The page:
American voter participation is consistently below that of other industrialized democracies. (The historically significant 2008 presidential election drew less than 62 percent of eligible voters to the polls.) Poor turnout produces poor representation, which produces laws people are disinclined to obey and so undermines the process. But here’s a new idea: testosterone may provide a key to boosting voter turnout.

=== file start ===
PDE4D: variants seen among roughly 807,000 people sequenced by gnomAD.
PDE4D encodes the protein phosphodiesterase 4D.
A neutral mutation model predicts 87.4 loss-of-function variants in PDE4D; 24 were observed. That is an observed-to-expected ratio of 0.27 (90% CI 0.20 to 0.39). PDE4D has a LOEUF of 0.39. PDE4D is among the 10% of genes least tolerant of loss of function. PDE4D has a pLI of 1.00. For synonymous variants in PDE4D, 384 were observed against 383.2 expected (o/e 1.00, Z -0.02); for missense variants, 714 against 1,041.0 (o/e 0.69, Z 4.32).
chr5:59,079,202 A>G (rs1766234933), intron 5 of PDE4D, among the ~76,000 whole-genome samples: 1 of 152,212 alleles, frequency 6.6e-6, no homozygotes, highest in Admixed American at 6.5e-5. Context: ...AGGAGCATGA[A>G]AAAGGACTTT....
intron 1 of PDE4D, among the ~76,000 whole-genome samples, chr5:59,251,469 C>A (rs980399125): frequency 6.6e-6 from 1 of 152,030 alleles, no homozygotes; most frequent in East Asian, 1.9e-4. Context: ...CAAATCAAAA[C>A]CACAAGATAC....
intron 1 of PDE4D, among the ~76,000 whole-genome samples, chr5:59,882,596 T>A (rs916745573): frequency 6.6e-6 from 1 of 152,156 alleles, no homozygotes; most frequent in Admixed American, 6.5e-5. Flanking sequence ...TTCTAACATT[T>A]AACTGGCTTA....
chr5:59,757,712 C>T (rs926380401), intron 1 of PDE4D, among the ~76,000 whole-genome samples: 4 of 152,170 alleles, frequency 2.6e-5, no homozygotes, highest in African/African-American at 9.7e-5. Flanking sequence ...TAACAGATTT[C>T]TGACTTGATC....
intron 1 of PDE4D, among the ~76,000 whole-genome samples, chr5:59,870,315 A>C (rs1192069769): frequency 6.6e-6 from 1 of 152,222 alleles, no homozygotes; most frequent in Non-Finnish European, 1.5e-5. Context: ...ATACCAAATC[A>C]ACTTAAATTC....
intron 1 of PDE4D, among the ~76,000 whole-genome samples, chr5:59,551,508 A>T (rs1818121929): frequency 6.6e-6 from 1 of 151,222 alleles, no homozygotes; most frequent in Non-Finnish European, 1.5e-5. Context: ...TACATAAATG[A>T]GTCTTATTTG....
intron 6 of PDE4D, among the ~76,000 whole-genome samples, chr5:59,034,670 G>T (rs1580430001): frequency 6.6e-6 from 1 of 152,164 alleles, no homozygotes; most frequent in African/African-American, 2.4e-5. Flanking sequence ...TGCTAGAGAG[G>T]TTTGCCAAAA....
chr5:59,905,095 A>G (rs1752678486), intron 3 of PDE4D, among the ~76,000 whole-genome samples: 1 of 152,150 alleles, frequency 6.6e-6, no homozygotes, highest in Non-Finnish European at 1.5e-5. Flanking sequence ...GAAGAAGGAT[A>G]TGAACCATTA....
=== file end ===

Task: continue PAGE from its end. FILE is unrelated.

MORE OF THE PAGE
In 2008, scientists from Duke University and the University of Michigan analyzed the biological effects of voting on more than 150 voters.
Women had no change in testosterone levels, regardless of whom they voted for.
Is it possible voting makes male voters too vulnerable? Could the unpleasant feelings male voters experience when their candidates lose discourage them from revisiting the polls? No wonder they stop voting. It hurts too much.
Low turnout also affects the quality of government.